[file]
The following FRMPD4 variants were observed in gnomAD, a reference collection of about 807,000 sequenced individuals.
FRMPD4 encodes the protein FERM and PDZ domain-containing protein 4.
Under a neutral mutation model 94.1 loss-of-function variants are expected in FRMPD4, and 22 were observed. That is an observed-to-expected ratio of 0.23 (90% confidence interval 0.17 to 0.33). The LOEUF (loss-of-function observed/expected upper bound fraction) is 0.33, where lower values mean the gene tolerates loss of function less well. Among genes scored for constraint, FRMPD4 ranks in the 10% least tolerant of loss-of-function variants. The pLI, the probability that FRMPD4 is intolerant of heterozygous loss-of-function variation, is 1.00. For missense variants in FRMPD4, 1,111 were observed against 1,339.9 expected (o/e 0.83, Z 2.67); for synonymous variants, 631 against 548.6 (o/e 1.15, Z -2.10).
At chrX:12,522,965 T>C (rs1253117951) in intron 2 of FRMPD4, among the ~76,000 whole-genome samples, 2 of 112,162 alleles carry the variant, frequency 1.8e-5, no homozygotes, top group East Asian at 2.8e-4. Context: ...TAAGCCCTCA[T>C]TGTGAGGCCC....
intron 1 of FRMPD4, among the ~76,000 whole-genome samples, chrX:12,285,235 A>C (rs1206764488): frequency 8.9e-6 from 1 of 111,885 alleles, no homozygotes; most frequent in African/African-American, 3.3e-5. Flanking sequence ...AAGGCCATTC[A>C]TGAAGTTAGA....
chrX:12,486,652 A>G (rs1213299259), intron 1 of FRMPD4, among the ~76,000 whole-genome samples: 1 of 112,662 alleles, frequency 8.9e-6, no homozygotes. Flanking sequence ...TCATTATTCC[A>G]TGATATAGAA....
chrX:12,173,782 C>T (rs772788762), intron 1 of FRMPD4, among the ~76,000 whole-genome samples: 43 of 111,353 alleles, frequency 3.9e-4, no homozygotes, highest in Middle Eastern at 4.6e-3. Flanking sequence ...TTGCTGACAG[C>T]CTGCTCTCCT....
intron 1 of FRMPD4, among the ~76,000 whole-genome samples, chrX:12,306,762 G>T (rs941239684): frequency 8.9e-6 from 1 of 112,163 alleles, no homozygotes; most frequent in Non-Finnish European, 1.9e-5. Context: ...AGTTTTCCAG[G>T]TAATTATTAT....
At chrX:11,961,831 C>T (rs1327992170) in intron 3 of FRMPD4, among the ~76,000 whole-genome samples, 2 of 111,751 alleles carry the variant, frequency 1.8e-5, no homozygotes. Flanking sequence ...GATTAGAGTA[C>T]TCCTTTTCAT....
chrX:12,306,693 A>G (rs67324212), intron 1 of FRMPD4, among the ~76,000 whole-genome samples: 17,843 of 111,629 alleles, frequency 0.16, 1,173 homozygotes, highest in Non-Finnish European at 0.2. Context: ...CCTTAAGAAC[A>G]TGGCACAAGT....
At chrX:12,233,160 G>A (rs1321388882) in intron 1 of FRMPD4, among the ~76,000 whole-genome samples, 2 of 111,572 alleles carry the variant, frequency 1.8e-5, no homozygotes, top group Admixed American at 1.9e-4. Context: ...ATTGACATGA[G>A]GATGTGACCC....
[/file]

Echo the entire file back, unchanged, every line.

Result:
The following FRMPD4 variants were observed in gnomAD, a reference collection of about 807,000 sequenced individuals.
FRMPD4 encodes the protein FERM and PDZ domain-containing protein 4.
Under a neutral mutation model 94.1 loss-of-function variants are expected in FRMPD4, and 22 were observed. That is an observed-to-expected ratio of 0.23 (90% confidence interval 0.17 to 0.33). The LOEUF (loss-of-function observed/expected upper bound fraction) is 0.33, where lower values mean the gene tolerates loss of function less well. Among genes scored for constraint, FRMPD4 ranks in the 10% least tolerant of loss-of-function variants. The pLI, the probability that FRMPD4 is intolerant of heterozygous loss-of-function variation, is 1.00. For missense variants in FRMPD4, 1,111 were observed against 1,339.9 expected (o/e 0.83, Z 2.67); for synonymous variants, 631 against 548.6 (o/e 1.15, Z -2.10).
At chrX:12,522,965 T>C (rs1253117951) in intron 2 of FRMPD4, among the ~76,000 whole-genome samples, 2 of 112,162 alleles carry the variant, frequency 1.8e-5, no homozygotes, top group East Asian at 2.8e-4. Context: ...TAAGCCCTCA[T>C]TGTGAGGCCC....
intron 1 of FRMPD4, among the ~76,000 whole-genome samples, chrX:12,285,235 A>C (rs1206764488): frequency 8.9e-6 from 1 of 111,885 alleles, no homozygotes; most frequent in African/African-American, 3.3e-5. Flanking sequence ...AAGGCCATTC[A>C]TGAAGTTAGA....
chrX:12,486,652 A>G (rs1213299259), intron 1 of FRMPD4, among the ~76,000 whole-genome samples: 1 of 112,662 alleles, frequency 8.9e-6, no homozygotes. Flanking sequence ...TCATTATTCC[A>G]TGATATAGAA....
chrX:12,173,782 C>T (rs772788762), intron 1 of FRMPD4, among the ~76,000 whole-genome samples: 43 of 111,353 alleles, frequency 3.9e-4, no homozygotes, highest in Middle Eastern at 4.6e-3. Flanking sequence ...TTGCTGACAG[C>T]CTGCTCTCCT....
intron 1 of FRMPD4, among the ~76,000 whole-genome samples, chrX:12,306,762 G>T (rs941239684): frequency 8.9e-6 from 1 of 112,163 alleles, no homozygotes; most frequent in Non-Finnish European, 1.9e-5. Context: ...AGTTTTCCAG[G>T]TAATTATTAT....
At chrX:11,961,831 C>T (rs1327992170) in intron 3 of FRMPD4, among the ~76,000 whole-genome samples, 2 of 111,751 alleles carry the variant, frequency 1.8e-5, no homozygotes. Flanking sequence ...GATTAGAGTA[C>T]TCCTTTTCAT....
chrX:12,306,693 A>G (rs67324212), intron 1 of FRMPD4, among the ~76,000 whole-genome samples: 17,843 of 111,629 alleles, frequency 0.16, 1,173 homozygotes, highest in Non-Finnish European at 0.2. Context: ...CCTTAAGAAC[A>G]TGGCACAAGT....
At chrX:12,233,160 G>A (rs1321388882) in intron 1 of FRMPD4, among the ~76,000 whole-genome samples, 2 of 111,572 alleles carry the variant, frequency 1.8e-5, no homozygotes, top group Admixed American at 1.9e-4. Context: ...ATTGACATGA[G>A]GATGTGACCC....